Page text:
Editor’s note: This story is part of a series in which reporters check with Central Illinoisans about how their lives have changed in the pandemic. Read the series here.
The Rev. Wayne Dunning misses the YMCA.
“I’m a physical person,” said Dunning, pastor of Faith Fellowship Christian Church. “I miss the YMCA and it’s not just for exercise, but the camaraderie, where we can sit down and talk and solve the world’s problems in 15 minutes. It’s the fellowship, the knowing you’re doing something good for your body, your mind and your spirit. I miss the physical activity.”
As a sports fan, Dunning said, he’s also missing the basketball and hockey playoffs that would be on TV now, and baseball games, and coaching, too. As a teacher, he misses his students, though he suspected when schools closed in March that it was over for the year.
But he’s also found some bright spots. Joking that his own and his mother’s cooking and the lack of going to the Y has had a detrimental effect on his weight, he said he’s been walking around his neighborhood and has met neighbors he didn’t know before.
“I talk to my wife, and I’ve learned to spend time with some kids at church who ordinarily wouldn’t spend time with me,” he said. “I cut my neighbor’s grass. Now I have time to do stuff I should probably be doing anyway. I visit my mother and not just for her cooking.”
He’s also strict with himself over precautions due to coronavirus. A few times, he’s left home headed for some destination and realized on the way that he forgot his mask. He turns back and goes home for it, even if he’s almost there when he realizes he forgot it.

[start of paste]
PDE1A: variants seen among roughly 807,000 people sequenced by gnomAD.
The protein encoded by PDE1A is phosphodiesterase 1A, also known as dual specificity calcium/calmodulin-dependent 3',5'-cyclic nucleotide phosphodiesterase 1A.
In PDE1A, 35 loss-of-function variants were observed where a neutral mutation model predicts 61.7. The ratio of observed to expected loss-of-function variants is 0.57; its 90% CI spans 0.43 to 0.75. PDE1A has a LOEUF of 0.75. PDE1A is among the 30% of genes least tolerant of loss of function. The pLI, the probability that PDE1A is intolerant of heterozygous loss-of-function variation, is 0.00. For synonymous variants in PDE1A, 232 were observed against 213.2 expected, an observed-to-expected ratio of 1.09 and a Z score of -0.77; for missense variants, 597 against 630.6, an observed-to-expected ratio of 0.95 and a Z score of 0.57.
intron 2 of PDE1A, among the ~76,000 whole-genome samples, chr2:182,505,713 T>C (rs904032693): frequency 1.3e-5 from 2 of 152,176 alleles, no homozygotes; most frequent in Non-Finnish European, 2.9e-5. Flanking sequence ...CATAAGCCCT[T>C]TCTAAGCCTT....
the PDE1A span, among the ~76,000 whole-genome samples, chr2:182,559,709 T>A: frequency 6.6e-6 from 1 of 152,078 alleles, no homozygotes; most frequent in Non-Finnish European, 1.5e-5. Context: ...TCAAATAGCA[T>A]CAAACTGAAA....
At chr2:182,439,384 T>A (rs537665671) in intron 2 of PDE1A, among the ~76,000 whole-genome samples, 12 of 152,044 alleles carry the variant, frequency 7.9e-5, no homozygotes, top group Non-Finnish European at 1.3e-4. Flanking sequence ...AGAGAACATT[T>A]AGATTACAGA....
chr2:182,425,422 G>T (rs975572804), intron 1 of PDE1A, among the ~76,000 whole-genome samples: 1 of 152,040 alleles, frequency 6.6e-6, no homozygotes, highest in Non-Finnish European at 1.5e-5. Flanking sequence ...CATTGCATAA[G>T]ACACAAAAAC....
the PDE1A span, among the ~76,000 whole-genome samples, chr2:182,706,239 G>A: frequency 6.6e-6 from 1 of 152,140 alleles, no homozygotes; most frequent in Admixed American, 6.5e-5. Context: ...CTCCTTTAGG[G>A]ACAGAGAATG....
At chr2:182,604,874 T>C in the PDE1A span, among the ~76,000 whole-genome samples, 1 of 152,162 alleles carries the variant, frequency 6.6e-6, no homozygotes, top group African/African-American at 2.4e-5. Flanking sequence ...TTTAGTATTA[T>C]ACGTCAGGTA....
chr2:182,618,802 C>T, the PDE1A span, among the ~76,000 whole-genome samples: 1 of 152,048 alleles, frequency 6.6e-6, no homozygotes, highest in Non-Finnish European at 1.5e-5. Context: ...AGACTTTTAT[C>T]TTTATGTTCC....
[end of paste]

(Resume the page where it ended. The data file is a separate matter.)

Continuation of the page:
“I can’t just preach it, I have to do it,” he said. “We’re not out of the woods yet.”
A virus can seem to go away and come back stronger and different, he said, and he isn’t willing to risk his own or others’ health by slacking off on those precautions.
“We have to be persistent, aggressive and prayerful, and stay on point,” Dunning said. “We don’t want it to happen again, not to the economy, or families, or our communities, or the people who have been affected.”
As Illinois moves into Phase 4, Dunning said he doesn’t plan to relax his vigilance.
“Of course I, like many others, want our world as we knew it pre-pandemic to return to normal,” he said. “I desire that small business, restaurants, churches and recreation centers open. However, the numbers say that COVID-19 is still here and people are still going to the hospital and some of them are still dying. When we open, we ought not to loosen our awareness and personal responsibility to protect ourselves and others from possible infection.”
And with the racial tensions and unrest in the nation over the death of George Floyd, Dunning has also taken action to do what he can to make things better. On Wednesdays at his church at 2701 Faries Parkway, he’s holding 6 p.m. “Courageous Conversations About Race.” Practicing social distancing and following health guidelines with masks on, he invites anyone to come and take part in the talks, and has set up guidelines for those to allow people to face difficult topics together.
“I love my city, and we’re going to turn a negative into a positive,” he said. “We come out with ground rules: no criticizing; you can’t look aghast or ‘you can’t think that, you can’t say that.’ Everybody has their question and their answer, and we give everybody space.”
The idea is to build friendships so that people actually get to know each other on a level that allows them to ask questions and learn from each other.
“We all have preconceived ideas,” Dunning said. “But if we don’t ask the questions, as they say, the only stupid question is the one you don’t ask. We just have to ask those questions. You may not like my question but I’ve got to ask it, and ask the person of the different race, don’t ask a person of the same race. We’re in a polite room, friendly, Spirit-filled, and there’s no penalty for any questions so ask away. I love it.”
Wayne Dunning’s BASIC Fundamentals Basketball Camp
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